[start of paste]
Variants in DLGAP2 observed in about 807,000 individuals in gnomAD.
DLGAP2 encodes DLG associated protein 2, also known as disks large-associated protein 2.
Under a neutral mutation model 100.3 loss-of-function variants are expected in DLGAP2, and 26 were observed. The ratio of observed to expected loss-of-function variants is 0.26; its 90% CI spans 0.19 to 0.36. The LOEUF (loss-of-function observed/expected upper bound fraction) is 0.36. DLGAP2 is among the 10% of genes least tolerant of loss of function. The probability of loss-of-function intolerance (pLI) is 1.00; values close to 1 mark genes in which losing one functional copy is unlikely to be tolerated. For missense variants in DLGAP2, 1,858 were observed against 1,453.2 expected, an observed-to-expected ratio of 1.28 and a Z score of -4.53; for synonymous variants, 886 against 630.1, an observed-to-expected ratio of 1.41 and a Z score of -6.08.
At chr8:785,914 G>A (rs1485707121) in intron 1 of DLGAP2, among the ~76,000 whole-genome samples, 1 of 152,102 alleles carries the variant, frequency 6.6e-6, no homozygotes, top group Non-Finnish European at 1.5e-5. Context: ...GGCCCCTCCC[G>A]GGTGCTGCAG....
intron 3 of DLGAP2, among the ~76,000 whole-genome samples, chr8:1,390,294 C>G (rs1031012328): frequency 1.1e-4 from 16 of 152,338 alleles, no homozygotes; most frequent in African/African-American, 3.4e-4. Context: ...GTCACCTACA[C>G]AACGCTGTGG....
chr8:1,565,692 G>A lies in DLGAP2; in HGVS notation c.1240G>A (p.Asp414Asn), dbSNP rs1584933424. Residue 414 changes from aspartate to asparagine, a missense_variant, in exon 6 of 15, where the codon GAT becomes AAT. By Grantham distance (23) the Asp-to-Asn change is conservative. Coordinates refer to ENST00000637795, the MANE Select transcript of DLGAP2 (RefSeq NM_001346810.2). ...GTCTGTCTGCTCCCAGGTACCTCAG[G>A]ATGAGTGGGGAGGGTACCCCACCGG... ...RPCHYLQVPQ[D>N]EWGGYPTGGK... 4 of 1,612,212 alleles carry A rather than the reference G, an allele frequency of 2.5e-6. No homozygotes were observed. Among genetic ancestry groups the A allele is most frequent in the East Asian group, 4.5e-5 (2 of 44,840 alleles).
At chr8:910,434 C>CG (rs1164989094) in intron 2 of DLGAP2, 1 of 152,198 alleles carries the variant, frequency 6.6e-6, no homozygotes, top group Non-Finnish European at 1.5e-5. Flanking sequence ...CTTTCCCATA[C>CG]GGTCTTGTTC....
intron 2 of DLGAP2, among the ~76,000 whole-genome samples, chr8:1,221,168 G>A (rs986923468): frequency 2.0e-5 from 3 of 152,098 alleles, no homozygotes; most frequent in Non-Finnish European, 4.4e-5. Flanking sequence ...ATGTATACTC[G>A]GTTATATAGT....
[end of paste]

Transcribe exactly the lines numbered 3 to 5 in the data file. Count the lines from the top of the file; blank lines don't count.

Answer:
Under a neutral mutation model 100.3 loss-of-function variants are expected in DLGAP2, and 26 were observed. The ratio of observed to expected loss-of-function variants is 0.26; its 90% CI spans 0.19 to 0.36. The LOEUF (loss-of-function observed/expected upper bound fraction) is 0.36. DLGAP2 is among the 10% of genes least tolerant of loss of function. The probability of loss-of-function intolerance (pLI) is 1.00; values close to 1 mark genes in which losing one functional copy is unlikely to be tolerated. For missense variants in DLGAP2, 1,858 were observed against 1,453.2 expected, an observed-to-expected ratio of 1.28 and a Z score of -4.53; for synonymous variants, 886 against 630.1, an observed-to-expected ratio of 1.41 and a Z score of -6.08.
At chr8:785,914 G>A (rs1485707121) in intron 1 of DLGAP2, among the ~76,000 whole-genome samples, 1 of 152,102 alleles carries the variant, frequency 6.6e-6, no homozygotes, top group Non-Finnish European at 1.5e-5. Context: ...GGCCCCTCCC[G>A]GGTGCTGCAG....
intron 3 of DLGAP2, among the ~76,000 whole-genome samples, chr8:1,390,294 C>G (rs1031012328): frequency 1.1e-4 from 16 of 152,338 alleles, no homozygotes; most frequent in African/African-American, 3.4e-4. Context: ...GTCACCTACA[C>G]AACGCTGTGG....